any issue that was not explicitly or implicitly decided on a
prior appeal. See Quern v. Jordan, 440 U.S. 332, 347
n. 18, 99 S.Ct. 1139, 1148 n. 18, 59 L.Ed.2d 358 (1979);
Sprague v. Ticonic Bank, 307 U.S. 161, 168, 59 S.Ct.
777, 780, 83 L.Ed. 1184 (1939); Bankers Trust Co.,
supra, 761 F.2d at 950 ....
Taylor v. United States, 815 F.2d 249, 252 (3d Cir.
the Court of Appeals did not reach the merits of the prior
summary judgment order, and did not explicitly or implicitly
rule on the substantive issues presented by Pressler's
appeal. Rather, in light of intervening Supreme Court
authority, it raised an issue as to whether the plaintiff had
possessed Article III standing to pursue his claim in the
first place. It remanded for a determination on that standing
issue. All the mandate required, then, was that this
Court make a determination as to the plaintiffs standing. If
I did not find standing, that would of course end the matter;
such a ruling would imply that the court does not have, and
never had, subject matter jurisdiction.
question here arises from the alternative outcome, in which I
did find standing (as in fact I did). The Court of Appeals
vacated the original judgment; obviously it could not stand
or remain enforceable for so long as there was a cloud on
this court's subject matter jurisdiction. So at a
minimum, having found that the court had jurisdiction, I was
required to (and did) re-enter judgment to restore the
status quo. That is the narrowest view of the man
Dated: that this Court should do no more than remove the
jurisdictional cloud on its prior judgment, and reinstate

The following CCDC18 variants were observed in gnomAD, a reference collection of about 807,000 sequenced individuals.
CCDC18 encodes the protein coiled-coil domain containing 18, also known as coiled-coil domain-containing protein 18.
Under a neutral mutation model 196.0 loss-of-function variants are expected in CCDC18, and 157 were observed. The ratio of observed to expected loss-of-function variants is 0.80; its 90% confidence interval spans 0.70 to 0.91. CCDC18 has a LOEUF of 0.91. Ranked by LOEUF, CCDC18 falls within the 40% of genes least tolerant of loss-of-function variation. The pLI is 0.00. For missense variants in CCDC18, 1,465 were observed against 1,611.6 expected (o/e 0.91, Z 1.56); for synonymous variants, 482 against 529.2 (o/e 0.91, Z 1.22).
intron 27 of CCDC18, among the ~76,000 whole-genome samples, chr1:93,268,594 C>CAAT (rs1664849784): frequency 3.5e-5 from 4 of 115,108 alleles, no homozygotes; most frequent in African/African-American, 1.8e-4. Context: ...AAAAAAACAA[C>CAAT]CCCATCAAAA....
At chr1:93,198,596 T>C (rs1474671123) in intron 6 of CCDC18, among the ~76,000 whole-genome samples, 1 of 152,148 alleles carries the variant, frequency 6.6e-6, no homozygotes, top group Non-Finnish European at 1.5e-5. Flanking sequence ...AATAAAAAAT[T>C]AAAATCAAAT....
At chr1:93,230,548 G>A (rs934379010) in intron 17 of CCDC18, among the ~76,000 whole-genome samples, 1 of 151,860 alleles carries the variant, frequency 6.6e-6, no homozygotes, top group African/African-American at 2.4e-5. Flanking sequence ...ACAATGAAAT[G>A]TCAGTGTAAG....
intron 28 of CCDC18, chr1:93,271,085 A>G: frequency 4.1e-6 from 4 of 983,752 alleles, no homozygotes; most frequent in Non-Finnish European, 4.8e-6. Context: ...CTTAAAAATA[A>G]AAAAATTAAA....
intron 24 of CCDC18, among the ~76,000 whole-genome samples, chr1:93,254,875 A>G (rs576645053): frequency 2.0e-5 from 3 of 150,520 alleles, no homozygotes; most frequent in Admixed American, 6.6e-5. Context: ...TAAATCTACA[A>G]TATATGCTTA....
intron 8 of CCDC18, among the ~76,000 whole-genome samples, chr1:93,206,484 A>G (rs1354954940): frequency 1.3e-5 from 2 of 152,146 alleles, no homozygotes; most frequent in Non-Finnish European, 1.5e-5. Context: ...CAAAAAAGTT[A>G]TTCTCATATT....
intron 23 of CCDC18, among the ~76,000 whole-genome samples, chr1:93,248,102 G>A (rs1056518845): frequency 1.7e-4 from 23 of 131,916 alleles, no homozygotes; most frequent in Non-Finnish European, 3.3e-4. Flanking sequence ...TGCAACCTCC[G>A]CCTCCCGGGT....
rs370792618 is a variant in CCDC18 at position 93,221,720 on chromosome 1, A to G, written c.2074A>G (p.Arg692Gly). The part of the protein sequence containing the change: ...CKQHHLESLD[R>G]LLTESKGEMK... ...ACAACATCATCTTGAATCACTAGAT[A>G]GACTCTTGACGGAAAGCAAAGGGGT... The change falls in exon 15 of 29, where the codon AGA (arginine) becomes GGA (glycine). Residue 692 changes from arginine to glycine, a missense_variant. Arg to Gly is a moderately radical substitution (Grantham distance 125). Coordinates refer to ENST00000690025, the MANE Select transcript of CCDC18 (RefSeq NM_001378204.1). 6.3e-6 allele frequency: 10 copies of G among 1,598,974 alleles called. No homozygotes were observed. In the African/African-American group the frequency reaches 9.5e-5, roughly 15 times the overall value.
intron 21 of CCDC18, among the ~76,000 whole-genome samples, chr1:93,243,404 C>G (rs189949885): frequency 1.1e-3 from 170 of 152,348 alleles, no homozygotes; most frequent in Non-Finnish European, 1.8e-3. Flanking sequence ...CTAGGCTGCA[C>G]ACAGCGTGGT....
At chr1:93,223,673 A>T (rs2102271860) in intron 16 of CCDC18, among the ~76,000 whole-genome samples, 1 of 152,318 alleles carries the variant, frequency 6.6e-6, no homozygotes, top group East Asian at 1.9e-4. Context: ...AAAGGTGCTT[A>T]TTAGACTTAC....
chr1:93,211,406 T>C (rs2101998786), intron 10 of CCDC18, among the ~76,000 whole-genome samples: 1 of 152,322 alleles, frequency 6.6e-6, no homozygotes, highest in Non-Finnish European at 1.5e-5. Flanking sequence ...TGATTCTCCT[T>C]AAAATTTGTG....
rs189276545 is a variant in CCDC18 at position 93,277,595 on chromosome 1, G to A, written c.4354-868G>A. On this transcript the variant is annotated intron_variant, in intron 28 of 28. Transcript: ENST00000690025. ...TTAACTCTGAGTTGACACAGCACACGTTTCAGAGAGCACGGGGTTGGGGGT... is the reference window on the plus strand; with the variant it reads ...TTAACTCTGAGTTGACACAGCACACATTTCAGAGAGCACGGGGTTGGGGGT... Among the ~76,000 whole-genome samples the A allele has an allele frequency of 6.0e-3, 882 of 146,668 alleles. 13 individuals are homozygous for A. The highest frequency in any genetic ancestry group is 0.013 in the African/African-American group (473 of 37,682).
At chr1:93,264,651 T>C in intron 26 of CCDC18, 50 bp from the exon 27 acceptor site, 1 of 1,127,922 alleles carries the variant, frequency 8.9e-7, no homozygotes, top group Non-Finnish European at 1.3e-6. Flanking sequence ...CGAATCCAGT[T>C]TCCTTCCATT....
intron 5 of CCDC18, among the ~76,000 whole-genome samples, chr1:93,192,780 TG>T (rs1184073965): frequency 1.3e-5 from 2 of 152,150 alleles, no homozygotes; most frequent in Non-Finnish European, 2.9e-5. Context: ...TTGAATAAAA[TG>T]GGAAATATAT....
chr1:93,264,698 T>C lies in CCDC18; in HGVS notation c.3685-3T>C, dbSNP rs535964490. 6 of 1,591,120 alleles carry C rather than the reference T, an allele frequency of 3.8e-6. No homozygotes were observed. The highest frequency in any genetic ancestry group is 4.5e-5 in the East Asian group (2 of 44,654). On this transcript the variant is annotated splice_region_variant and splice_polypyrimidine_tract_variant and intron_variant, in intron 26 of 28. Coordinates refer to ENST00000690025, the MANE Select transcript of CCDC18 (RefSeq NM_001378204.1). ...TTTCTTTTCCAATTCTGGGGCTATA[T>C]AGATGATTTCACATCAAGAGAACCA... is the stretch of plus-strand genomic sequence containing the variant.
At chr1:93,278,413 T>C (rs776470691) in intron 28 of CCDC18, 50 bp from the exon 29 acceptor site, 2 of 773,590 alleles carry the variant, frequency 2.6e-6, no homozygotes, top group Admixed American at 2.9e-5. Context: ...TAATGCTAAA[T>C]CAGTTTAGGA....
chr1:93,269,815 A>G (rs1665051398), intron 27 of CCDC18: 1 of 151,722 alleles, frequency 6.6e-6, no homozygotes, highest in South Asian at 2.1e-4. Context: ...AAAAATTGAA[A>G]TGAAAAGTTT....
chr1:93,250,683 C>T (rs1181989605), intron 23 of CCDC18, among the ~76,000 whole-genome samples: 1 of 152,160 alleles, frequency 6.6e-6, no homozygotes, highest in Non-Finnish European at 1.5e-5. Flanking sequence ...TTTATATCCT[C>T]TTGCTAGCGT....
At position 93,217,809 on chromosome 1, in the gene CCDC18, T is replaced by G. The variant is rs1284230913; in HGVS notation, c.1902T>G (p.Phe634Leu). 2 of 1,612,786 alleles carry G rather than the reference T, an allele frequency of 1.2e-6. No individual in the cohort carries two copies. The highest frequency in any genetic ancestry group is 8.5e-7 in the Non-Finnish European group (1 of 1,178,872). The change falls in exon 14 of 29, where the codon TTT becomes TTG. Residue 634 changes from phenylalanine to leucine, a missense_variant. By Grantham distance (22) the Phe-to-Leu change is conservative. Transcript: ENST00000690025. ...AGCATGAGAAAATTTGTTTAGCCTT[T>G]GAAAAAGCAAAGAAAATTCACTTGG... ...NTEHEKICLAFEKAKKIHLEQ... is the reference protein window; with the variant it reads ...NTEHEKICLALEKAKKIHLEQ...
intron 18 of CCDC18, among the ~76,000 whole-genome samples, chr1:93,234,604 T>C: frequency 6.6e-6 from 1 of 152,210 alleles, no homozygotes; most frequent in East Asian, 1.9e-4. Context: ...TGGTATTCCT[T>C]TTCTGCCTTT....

that judgment. That was a permissible course of action.
not, however, the only permissible course of action. Nothing
about the mandate of the Court of Appeals constrains this
Court as to the substantive merits. I may, then, entertain
Pressler's motion for reconsideration to the same extent
I could have done if the jurisdictional issue had not
intervened. Insofar as this motion is concerned, the mandate
Scope of Reconsideration Motion
motion under Local Rule 7.1(i), Rule 59(e), or Rule 60(b)(2)
would ordinarily require a substantial threshold showing
before a court will consider reopening matters already
decided. See infra. Because the procedural context
is somewhat convoluted, however, I must clarify what is being
"reconsidered." In particular, I state that
Pressler will not be procedurally disadvantaged for having
asserted these substantive grounds in a motion filed after,
rather than before, May 25, 2017, the date I re-entered
judgment on remand.
my decision on remand was pending, Pressler's counsel
filed a letter ("Supplemental Letter", ECF no. 90)
proffering new substantive (i.e., non-standing)
arguments. The Supplemental Letter argued that the court had
"reversed the burden of proof in its original summary
judgment ruling, and that the FDCPA, at least as applied by
the Court, would violate the Noerr-Pennington
doctrine. The letter also attached "new evidence"
in the form of an expert report by Prof. Michael Ambrosio.
Reasonably, the Supplemental Letter proposed that nothing
further be filed on those issues unless and until the Court
found that it possessed subject matter jurisdiction.
response, I entered a text order stating that I would decide
first whether the Court possessed subject matter jurisdiction
under Spokeo. (ECF no. 92) That text order also
provided that "any reopening of discovery or
supplementation of the earlier summary judgment record will
not be granted as a matter of course, but must be sought by
presumably in response to my text order that Pressler filed
the current motion for reconsideration. (ECF no. 100) In it,
Pressler seeks to reopen the judgment and assert the
additional substantive arguments that were raised in its
Supplemental Letter. I accept that it was not practical for
such a motion to be filed in advance of my ruling on
standing, and I accept the Supplemental Letter as a
sufficient reservation of Pressler's position. I will
therefore consider this motion on its own terms-i.e.,
nunc pro tunc, as if it had been filed at the time
of the Supplemental Letter-without imposing any additional
threshold barrier to consideration.
said, the motion (even considered nunc pro tunc)
does seek reconsideration of matters decided in 2014, in
connection with the original summary judgment ruling. It
therefore does implicate law of the case doctrine ...